What is Tight Writing?

As a freelance writer, you'll often need to compress a lot of information into a few words - especially when you're writing press releases or web content

People reading the news (press releases) or those surfing the 'net have short attention spans - and you're responsible for getting them to read.

Creative writers, novelists and others have the freedom to paint a picture with their words because their readers want to immerse themselves alongside the characters.

Web content readers, though, want to grab the information and move on to something else.

That's why you have to write tight, information-jammed sentences when you're composing web content.

What is Tight Writing?

Not tight writing:

The beautifully-landscaped lawn was overflowing with bright pink pansies, lush Kentucky bluegrass and a softly-gurgling, man-made river and pond.

Tight writing:

The lawn was well-landscaped.

Not tight writing:

Visitors have the chance to experience gorgeous sights, including beautifully flowing waterfalls, large and small rolling hills, lush flower gardens that smell like spring all year long and gorgeous butterflies that may or may not land on your hand in the butterfly area.

Tight writing:

Visitors may experience our:

  • flowing waterfalls
  • rolling hills
  • flower gardens
  • butterfly area

Not Tight Writing:

While cereal bars are deliciously tasty for humans, it's probably not a very good idea to feed them to your dog because they can cause gassiness, vomiting and other types of gastrointestinal distress.  If you choose to feed your dog cereal bars, be prepared to deal with whatever problems may arise and cordon off an area in your backyard for your dog to handle his illness.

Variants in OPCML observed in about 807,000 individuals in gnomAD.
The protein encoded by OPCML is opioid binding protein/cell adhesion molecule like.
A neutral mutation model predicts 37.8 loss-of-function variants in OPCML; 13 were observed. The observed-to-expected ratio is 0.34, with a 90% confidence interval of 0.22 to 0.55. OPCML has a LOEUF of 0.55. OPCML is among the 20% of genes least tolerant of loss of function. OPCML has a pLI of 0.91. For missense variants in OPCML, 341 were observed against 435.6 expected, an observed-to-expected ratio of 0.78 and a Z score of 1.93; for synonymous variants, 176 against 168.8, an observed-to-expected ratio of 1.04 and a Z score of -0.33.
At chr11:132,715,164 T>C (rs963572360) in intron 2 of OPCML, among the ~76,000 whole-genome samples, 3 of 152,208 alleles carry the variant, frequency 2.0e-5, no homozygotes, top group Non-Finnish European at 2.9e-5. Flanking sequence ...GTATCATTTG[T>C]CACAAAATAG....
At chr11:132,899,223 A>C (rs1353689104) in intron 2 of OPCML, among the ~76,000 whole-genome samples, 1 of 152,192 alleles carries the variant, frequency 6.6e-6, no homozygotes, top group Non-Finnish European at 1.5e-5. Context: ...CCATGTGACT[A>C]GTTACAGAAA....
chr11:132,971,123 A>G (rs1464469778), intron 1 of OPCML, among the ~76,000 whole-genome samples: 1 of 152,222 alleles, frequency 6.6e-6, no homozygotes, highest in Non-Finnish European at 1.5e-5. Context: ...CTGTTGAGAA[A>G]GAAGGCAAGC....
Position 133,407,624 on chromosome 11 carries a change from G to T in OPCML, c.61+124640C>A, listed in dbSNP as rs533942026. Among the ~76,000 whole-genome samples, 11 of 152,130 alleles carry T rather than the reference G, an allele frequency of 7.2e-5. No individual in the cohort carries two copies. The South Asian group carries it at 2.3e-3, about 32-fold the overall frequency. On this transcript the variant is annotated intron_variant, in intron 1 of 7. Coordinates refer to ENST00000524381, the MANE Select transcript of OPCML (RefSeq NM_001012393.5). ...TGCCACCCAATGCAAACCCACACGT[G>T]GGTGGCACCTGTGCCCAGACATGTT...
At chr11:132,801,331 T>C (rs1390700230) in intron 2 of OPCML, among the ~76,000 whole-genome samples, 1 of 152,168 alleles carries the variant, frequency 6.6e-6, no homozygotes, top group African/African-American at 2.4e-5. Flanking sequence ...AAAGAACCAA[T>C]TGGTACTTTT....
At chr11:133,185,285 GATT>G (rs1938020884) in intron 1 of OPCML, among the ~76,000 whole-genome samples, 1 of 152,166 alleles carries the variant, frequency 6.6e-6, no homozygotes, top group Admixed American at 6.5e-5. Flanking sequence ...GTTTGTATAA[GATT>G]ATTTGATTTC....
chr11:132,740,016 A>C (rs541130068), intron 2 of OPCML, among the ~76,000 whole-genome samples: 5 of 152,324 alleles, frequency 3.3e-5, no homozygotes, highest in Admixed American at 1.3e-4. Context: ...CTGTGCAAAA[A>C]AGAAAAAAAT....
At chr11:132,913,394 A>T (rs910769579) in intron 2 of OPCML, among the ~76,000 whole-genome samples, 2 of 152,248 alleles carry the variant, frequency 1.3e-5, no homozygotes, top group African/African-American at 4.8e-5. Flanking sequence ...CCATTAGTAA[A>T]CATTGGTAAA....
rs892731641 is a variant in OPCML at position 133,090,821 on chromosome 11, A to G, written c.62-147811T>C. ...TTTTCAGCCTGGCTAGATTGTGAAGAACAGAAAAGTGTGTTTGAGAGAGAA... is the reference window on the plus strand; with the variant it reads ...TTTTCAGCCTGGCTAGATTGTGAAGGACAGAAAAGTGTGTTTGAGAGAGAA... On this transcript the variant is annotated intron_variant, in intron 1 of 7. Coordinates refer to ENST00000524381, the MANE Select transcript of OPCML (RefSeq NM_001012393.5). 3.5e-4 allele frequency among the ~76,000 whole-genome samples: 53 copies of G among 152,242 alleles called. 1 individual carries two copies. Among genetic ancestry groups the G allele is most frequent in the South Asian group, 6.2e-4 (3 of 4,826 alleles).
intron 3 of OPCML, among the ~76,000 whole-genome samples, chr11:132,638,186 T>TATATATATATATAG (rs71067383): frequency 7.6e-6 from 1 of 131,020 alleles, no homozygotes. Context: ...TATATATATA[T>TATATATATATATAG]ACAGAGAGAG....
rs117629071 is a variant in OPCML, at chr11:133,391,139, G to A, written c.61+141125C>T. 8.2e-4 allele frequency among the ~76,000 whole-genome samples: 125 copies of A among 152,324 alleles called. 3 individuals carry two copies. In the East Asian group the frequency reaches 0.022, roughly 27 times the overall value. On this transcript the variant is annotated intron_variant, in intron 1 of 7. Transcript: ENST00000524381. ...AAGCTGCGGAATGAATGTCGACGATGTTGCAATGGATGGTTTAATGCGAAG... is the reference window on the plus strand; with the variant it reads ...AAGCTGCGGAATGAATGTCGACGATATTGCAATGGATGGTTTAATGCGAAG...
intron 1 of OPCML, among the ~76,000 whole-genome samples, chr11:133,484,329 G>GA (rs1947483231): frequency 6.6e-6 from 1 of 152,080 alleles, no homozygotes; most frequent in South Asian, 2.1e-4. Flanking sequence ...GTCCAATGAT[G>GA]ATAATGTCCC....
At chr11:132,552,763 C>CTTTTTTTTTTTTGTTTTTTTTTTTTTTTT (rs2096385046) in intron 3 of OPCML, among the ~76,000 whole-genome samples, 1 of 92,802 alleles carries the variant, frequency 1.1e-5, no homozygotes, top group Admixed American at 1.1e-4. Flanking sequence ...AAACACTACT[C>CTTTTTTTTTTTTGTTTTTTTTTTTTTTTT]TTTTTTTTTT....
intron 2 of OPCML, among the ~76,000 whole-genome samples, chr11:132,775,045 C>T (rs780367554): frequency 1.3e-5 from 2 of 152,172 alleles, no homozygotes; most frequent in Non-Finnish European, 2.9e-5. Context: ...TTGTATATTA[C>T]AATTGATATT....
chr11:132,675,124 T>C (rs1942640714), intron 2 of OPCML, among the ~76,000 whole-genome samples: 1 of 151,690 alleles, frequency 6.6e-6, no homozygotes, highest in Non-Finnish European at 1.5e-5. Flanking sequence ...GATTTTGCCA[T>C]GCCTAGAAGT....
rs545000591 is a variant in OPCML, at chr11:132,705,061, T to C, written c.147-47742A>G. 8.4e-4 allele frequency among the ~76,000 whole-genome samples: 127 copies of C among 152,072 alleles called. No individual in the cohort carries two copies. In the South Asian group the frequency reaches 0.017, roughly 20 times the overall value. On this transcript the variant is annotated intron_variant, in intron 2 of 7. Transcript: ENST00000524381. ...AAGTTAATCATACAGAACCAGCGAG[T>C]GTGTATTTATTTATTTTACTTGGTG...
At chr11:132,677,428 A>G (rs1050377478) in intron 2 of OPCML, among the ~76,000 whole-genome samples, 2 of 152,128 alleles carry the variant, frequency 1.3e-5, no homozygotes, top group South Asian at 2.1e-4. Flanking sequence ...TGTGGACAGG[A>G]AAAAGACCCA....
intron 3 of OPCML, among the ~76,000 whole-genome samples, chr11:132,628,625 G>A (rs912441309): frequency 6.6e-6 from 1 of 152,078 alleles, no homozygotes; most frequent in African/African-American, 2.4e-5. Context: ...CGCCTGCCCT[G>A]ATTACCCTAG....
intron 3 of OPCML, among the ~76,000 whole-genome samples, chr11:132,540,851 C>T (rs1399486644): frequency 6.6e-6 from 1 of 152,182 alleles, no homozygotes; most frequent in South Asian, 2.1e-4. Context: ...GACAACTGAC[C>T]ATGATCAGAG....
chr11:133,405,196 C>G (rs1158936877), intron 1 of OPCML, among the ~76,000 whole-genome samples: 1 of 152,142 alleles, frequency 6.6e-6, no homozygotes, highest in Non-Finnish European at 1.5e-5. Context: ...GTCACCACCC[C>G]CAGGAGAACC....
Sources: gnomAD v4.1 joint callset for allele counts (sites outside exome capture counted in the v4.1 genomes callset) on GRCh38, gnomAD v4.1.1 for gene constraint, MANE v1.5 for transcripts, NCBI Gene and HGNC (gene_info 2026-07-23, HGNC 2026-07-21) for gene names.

Tight writing:

Cereal bars should not be fed to dogs.  Doing so may cause gastrointestinal distress.

Why do you need to know?

You need to know what tight writing is because your career as a freelance writer probably depends on it.  Like I said, novelists and other writers have the freedom to make their words fluffy - but when you're writing for the Web, for newspapers and for magazines, you need to cut to the chase.

What if a web content client is hung up on words?

Yep, you'll probably run into this at some point (or several points) in your freelance writing career.  I always let my clients know that Web readers are tired of reading once they hit around 400 words - because they are.

However, sometimes you'll get a web content client that says, "But 500 words is not enough to say what I want to say."  Ok then, create another page.  You can generally describe a topic in less than 500 words - in a way that leaves the reader wanting more - and if the reader wants to learn more, have separate pages to describe individual services or products.

If you are trying to pack so much information into 500 words that the reader will be pulled in a zillion different directions, you've got the wrong answer.  Use links to other pages where they can go to find more specific information.

Sometimes they'll listen, sometimes they won't - either way, it's your job to tell them what works best; if they don't agree, well, the customer is always right.

What do you consider tight writing?  How did you learn to trim the fat from your documents?

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© Angie Papple Johnston, 2010; if you are reading this anywhere but on FreeFreelanceWritingTips.Blogspot.com, it's stolen.

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Freelance Writing Tips by Angie Papple Johnston is licensed under a Creative Commons Attribution-NonCommercial-NoDerivs 3.0 Unported License.

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